By Chris Brinkworth, managing partner, Civic Data.
The third-party cookie, the ubiquitous ‘crumb trail’ for 20 years of our online wanderings, started to meet its demise in Chrome last week by 1%, having already met its 100% demise for Safari users over the past few years. In its wake, a different privacy issue is emerging that agencies and their clients need to pay attention to, which is obscuring the path forward with promises of “tracking salvation”.
Enter the humble ‘tracking pixel and tag’, a seemingly inconspicuous bit of code, poised to become the omnipresent tracker of the post-cookie era, controlled by big tech. Yet, for Australian brands caught in this new data-driven stampede created by cookie deprecation, the question we need to be asking is: are we merely swapping this panopticon of cookies for a privacy and consent quagmire of hidden tags that do
more harm, more invisibly, than cookies ever did? From our deep experience in auditing tags and pixels for privacy compliance purposes, we know for certain that it is looking very likely.
Let’s be clear: tags aren’t mere cookie ‘lite’. They can be data krakens, slurping up far more than just browsing habits! They can collect intricate clickstream paths, device fingerprints, and even interactions within website elements – all often through opaque external scripts that many businesses do not know or understand are happening. Picture every website visit triggering a flurry of these krakens, each collecting its own slice of a consumer’s digital DNA. The mosaic they can stitch together paints a very chilling picture that we all know of already: a labyrinth of hidden surveillance built without transparency or informed consent.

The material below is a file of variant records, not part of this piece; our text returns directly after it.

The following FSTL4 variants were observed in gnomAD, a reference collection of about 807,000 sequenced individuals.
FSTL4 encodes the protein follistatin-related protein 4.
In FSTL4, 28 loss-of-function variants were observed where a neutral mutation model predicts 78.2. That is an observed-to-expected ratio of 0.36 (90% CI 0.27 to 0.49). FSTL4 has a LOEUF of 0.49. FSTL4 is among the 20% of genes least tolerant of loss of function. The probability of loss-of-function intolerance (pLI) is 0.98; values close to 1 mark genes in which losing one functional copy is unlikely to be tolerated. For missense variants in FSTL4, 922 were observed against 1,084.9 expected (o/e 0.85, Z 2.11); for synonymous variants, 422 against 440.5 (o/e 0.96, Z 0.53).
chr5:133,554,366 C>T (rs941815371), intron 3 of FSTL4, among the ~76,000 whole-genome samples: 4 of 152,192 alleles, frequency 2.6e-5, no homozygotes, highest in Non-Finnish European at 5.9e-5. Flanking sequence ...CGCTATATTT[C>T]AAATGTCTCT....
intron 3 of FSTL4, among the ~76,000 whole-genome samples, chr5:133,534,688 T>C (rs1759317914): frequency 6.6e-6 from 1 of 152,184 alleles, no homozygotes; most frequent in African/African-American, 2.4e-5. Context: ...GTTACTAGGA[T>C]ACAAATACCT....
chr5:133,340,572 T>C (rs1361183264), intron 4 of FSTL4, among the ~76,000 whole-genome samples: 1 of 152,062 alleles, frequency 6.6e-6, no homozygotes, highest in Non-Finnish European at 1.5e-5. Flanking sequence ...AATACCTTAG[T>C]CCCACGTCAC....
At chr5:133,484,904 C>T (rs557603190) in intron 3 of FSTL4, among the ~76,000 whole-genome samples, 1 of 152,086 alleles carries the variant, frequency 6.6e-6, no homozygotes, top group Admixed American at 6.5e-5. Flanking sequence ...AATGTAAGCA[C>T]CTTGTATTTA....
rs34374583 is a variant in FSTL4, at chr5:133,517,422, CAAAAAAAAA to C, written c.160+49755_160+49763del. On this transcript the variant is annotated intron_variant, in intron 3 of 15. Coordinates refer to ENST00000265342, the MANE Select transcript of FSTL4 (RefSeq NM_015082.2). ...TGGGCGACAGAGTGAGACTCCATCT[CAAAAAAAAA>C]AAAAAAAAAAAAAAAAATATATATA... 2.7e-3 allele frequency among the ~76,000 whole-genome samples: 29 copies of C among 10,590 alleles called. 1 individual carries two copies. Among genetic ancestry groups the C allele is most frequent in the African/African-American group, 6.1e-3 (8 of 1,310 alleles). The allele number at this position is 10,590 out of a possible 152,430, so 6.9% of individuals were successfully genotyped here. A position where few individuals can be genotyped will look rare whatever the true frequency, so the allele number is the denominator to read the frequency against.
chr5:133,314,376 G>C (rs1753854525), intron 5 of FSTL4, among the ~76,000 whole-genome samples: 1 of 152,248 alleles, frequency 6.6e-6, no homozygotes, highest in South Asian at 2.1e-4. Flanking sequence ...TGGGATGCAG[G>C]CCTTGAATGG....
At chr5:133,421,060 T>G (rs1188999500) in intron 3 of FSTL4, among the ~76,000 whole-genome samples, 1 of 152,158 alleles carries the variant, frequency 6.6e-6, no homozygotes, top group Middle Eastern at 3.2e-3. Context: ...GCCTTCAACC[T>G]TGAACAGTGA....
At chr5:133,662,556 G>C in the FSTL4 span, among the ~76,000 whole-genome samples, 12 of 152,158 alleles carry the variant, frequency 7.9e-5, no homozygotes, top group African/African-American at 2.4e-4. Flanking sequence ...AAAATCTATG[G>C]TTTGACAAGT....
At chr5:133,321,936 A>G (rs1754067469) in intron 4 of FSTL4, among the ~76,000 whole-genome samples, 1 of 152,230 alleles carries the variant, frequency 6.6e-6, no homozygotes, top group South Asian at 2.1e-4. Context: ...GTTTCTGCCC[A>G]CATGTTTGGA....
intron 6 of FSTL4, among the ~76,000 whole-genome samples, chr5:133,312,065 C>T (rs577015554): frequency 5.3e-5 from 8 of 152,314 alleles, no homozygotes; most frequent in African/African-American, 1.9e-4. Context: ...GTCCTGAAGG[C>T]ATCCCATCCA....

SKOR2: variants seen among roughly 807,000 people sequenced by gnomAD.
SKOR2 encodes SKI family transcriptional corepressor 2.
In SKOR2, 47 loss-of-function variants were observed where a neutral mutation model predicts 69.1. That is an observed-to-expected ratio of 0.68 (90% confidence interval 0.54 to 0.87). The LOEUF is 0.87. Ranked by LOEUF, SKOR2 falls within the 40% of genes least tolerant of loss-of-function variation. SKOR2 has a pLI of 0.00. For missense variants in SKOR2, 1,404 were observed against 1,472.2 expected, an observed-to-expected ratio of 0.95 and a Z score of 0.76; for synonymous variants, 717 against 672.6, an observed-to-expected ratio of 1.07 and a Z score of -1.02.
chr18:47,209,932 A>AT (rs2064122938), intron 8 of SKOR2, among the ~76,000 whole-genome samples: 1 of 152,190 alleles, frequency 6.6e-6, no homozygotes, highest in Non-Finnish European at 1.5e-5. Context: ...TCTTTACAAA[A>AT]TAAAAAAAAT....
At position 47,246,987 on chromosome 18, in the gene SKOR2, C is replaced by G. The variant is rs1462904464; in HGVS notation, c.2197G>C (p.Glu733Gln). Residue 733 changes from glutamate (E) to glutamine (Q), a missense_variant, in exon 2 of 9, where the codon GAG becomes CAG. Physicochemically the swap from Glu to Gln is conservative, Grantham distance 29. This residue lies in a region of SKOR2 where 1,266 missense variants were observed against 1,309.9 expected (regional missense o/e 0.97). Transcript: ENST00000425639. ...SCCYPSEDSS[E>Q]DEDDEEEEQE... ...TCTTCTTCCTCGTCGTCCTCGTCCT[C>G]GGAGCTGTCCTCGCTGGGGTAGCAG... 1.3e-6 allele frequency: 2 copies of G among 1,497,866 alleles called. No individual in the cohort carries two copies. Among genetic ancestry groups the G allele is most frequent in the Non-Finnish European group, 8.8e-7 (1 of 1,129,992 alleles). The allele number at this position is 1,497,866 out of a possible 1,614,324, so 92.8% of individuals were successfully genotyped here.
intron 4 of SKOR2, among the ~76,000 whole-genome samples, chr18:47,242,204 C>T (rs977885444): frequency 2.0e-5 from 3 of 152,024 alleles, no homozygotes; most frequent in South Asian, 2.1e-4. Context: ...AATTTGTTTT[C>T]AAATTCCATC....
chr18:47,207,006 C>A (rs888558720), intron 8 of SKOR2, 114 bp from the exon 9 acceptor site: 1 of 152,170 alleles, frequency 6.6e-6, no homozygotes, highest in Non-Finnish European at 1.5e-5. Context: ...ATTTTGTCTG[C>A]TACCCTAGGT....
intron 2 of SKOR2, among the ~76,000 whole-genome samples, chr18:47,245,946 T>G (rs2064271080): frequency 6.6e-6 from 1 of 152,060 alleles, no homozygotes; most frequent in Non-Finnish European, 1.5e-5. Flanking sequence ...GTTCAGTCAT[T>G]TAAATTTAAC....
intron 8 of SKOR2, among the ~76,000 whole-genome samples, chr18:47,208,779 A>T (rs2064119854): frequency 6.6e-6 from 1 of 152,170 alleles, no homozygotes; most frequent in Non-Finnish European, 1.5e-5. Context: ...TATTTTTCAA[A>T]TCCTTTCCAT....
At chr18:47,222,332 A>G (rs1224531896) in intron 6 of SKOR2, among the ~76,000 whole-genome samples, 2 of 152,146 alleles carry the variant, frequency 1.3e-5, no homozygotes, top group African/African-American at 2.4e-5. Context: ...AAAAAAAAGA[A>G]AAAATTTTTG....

My concern is that as the industry scrambles for data visibility and tries every new tech and trick available as the cookie disappears, brands and agencies risk sleepwalking into this privacy nightmare. Driven by the pressure to measure campaign performance in a cookieless world, we are rushing to deploy new tags like shiny toys, yet neglecting crucial considerations like governance and security. If we’re honest, Privacy teams remain uninvited and security protocols gather dust while tags proliferate unchecked – and this is far worse than what cookies could do.
Civic Data has already seen how this is leading to unintended consequences like data breaches from unvetted tags and invasive profiling practices. In the climate following breach after breach, there are stark reminders of the vulnerabilities brands can unwittingly introduce.
The domino effect of such overcorrections could be devastating. Eroded consumer trust can crumble brand loyalty. Astronomical fines from data regulators are already looming large with the changes to breach penalties. Worse, the very data brands desperately seek may vanish entirely as consumers recoil from invasive tracking.
Instead of sleepwalking into privacy pitfalls, agencies and brands must wake up to the need for ethical data and tag governance and bring privacy teams into planning/deployment for tools for collecting, storing, or activating data. This means:
1. Shifting from ad-hoc solutions to holistic frameworks: Invest in frameworks prioritising transparency, control, and compliance. Imagine letting users understand/manage data use.
2. Bringing privacy to the data party: Don’t ignore privacy teams; make them co-pilots, ensuring compliance and ethical practices.
3. Making security a priority: Ditch the ‘don’t worry, we’ve got a tag manager’ attitude. Implement robust protocols like assessments, penetration testing, and encryption as pillars, not optional extras.
Embracing these practices isn’t just avoiding penalties; it’s building trust and ensuring sustainability. Consumers are increasingly privacy-aware – brands prioritising transparency and control will win hearts and minds.
The cookie’s demise presents a chance to break from intrusive practices. Let’s build bridges of consent and education, not stumble into hidden tags. Agencies and marketers can hit reset by bringing IT, Legal and Privacy teams together to discuss.
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